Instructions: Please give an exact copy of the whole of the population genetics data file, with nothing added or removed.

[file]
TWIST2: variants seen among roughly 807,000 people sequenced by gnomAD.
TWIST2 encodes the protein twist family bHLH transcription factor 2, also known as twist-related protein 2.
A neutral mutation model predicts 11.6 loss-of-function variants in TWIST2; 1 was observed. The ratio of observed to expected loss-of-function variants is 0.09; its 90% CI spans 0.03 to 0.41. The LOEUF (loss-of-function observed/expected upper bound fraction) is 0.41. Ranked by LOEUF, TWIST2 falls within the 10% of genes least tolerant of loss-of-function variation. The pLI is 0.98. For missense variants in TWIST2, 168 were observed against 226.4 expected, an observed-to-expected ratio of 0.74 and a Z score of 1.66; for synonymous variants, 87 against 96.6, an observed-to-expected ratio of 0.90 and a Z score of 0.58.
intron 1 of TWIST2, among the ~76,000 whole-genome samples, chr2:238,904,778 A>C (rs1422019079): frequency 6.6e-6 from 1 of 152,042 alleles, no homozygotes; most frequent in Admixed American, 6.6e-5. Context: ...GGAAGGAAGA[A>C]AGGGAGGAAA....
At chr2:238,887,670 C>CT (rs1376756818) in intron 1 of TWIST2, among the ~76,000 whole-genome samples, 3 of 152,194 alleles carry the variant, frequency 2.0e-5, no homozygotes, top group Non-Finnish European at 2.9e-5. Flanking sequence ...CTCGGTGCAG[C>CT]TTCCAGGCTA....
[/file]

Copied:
TWIST2: variants seen among roughly 807,000 people sequenced by gnomAD.
TWIST2 encodes the protein twist family bHLH transcription factor 2, also known as twist-related protein 2.
A neutral mutation model predicts 11.6 loss-of-function variants in TWIST2; 1 was observed. The ratio of observed to expected loss-of-function variants is 0.09; its 90% CI spans 0.03 to 0.41. The LOEUF (loss-of-function observed/expected upper bound fraction) is 0.41. Ranked by LOEUF, TWIST2 falls within the 10% of genes least tolerant of loss-of-function variation. The pLI is 0.98. For missense variants in TWIST2, 168 were observed against 226.4 expected, an observed-to-expected ratio of 0.74 and a Z score of 1.66; for synonymous variants, 87 against 96.6, an observed-to-expected ratio of 0.90 and a Z score of 0.58.
intron 1 of TWIST2, among the ~76,000 whole-genome samples, chr2:238,904,778 A>C (rs1422019079): frequency 6.6e-6 from 1 of 152,042 alleles, no homozygotes; most frequent in Admixed American, 6.6e-5. Context: ...GGAAGGAAGA[A>C]AGGGAGGAAA....
At chr2:238,887,670 C>CT (rs1376756818) in intron 1 of TWIST2, among the ~76,000 whole-genome samples, 3 of 152,194 alleles carry the variant, frequency 2.0e-5, no homozygotes, top group Non-Finnish European at 2.9e-5. Flanking sequence ...CTCGGTGCAG[C>CT]TTCCAGGCTA....